“In the first few seconds, there’s a clip from a national news channel interview which they gave him a list of celebrities and asked who he would invite to have some pizza. He responds: ‘BTS, to learn more about the phenomenon,’” she explained.
When podcaster and comedian Valeria Luna interviewed Gabriel Boric earlier this year, she talked to the then-presidential candidate about BTS and South Korean pop culture.
“We talked a lot of what the Army did with Donald Trump’s rally during his second run. I told him that Army are very powerful in the world – actually more than Chilean people in the world,” Luna said.
And as the prospect of a Kast presidency increased following the first round, Luna called on K-pop fandoms to take action in a livestream.
“I said to everyone and they took my word and started to do things like (baking) cakes for Boric and now they even have light sticks for him. It was an amazing experience,” Luna said.
As Boric enjoyed support from K-pop fandoms, his opponent Kast also put out a “K-pop-inspired” campaign song
of his own on Twitter, though it was met with a rather lukewarm reaction.
“It was a horrible effort,” said Amelia Castillo of the song, a 38-year-old college professor from Santiago who is also a fan of K-pop acts such as Super Junior and Mamamoo.
“It was an awful generic pop song in Spanish so everyone flooded his Twitter telling him this is not even K-pop, this is not even in Korean.”
Boric, however, was able to appeal to young voters through genuine interaction with multiple fandoms including those who love K-pop, anime and American singer-songwriter Taylor Swift, Castillo said.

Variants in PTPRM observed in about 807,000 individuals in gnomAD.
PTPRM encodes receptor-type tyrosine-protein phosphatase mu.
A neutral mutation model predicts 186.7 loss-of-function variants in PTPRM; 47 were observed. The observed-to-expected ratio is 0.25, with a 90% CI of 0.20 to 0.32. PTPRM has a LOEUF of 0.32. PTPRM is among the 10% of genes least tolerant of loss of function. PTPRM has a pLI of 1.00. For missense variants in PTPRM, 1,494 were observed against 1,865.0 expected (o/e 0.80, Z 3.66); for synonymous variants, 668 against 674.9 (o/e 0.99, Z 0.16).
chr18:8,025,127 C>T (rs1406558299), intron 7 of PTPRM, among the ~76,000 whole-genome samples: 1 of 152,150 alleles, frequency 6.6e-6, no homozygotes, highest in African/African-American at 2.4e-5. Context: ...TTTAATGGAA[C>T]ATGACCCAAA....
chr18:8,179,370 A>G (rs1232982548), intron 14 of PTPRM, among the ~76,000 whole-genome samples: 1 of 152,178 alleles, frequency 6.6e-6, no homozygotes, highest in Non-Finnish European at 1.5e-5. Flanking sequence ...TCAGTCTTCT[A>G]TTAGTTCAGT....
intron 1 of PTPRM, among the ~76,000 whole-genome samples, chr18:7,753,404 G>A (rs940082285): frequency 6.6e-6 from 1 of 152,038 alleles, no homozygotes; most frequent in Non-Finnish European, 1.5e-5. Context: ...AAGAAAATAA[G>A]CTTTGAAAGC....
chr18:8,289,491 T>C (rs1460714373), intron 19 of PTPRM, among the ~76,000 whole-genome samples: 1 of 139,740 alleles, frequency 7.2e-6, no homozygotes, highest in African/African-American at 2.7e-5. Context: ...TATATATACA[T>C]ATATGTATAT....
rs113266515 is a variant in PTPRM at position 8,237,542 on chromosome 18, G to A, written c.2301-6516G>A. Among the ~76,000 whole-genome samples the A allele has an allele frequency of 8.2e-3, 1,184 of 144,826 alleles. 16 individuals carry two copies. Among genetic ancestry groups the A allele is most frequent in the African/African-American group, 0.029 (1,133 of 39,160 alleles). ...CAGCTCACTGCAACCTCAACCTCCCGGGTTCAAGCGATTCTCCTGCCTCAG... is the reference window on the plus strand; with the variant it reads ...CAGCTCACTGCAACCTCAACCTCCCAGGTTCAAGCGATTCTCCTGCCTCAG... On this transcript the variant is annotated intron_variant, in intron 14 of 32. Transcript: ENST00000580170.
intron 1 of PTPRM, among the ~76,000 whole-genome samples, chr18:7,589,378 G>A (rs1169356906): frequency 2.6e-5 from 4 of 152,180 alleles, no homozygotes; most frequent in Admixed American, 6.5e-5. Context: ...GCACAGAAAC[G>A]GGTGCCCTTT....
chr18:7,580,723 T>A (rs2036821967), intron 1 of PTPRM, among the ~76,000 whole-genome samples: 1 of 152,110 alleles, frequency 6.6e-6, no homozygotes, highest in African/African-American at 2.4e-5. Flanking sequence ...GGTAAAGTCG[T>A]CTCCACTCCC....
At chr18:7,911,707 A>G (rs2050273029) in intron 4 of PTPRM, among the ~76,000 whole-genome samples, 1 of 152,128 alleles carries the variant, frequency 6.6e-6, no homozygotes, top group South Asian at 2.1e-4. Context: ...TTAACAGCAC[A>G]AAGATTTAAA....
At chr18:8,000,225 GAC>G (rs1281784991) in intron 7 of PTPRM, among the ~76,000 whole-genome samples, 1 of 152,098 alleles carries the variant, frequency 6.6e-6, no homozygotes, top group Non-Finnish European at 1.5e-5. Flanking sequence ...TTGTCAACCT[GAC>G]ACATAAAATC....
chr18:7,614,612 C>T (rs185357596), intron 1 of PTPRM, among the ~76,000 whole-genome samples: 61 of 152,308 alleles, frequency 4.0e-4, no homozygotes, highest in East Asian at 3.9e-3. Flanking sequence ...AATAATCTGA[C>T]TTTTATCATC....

“He was able to reach a part of the teenage population. Here we can vote voluntarily since we are 18. And there were a lot of people who didn’t vote in November (during the first round).
“Lots of people went to vote in December and they discovered that they have lots of things in common with him,” she said.History of K-pop fans a political force
It is not the first time K-pop fans emerged as a political force in Chile and elsewhere.
Last year, BTS fans raised $1 million for the Black Lives Matter campaign to match the donation the group made to the organization. K-pop fans also discouraged participation in a Trump rally on social media.
In 2019, the Chilean government issued a report linking K-pop fans alongside other “international influences and media” to anti-government protests in the country.
“Since the social uprising in 2019, where K-pop fans helped spread and organize information, the Chilean public came to know our organizational skills and ability to make information go viral,” the “Kpopers por Boric” group said.
Natalia Belardy, a 32-year-old nurse in Chile, has been a K-pop fan since around 2004 when she was a big TVXQ fan. She remembers how the K-pop community was blamed during the Chilean protests in 2019.
“We rioted, we marched but it was always peaceful. But the government kind of characterized us as terrorists. We were dancing and singing doing but they only focused on the way we were blocking their social media accounts with fancams,” Belardy said.
“K-pop fans have ways to protest against something we don’t like. We comment with videos of our favorite K-pop artists,” Belardy explained.
“The way (by the Chilean government) of treating the social outbreak was kind of vain. They were always trying to blame someone for it but they were the ones to blame.”
Though having met through the common interest in K-pop, Castillo said she wanted to ensure that young people did not have to experience what she had gone through.
“Many of us, who are around my age, grew up during the Pinochet Dictatorship so we have memories from that time and we didn’t want that to happen again,” Castillo said.
“We didn’t want to go under curfews, having our right to go to the street and demonstrate taken away.”
By Yim Hyun-su (firstname.lastname@example.org